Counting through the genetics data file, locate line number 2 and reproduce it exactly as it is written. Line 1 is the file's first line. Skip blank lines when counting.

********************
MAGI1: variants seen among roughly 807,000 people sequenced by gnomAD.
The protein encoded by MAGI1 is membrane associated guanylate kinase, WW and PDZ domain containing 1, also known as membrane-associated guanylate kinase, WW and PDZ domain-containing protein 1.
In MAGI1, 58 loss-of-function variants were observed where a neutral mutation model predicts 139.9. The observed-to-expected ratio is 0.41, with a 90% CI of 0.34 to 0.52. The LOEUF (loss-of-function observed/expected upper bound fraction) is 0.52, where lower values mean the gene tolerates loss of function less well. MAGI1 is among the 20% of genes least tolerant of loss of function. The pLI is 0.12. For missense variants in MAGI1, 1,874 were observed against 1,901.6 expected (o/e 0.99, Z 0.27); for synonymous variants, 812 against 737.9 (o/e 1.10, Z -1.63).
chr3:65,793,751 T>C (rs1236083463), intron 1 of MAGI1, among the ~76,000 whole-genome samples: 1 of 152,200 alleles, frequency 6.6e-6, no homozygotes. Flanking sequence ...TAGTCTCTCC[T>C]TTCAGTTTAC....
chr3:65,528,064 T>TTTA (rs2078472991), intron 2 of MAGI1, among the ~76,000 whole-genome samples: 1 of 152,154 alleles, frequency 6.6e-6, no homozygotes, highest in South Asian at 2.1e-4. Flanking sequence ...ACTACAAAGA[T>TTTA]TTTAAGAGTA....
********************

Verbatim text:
The protein encoded by MAGI1 is membrane associated guanylate kinase, WW and PDZ domain containing 1, also known as membrane-associated guanylate kinase, WW and PDZ domain-containing protein 1.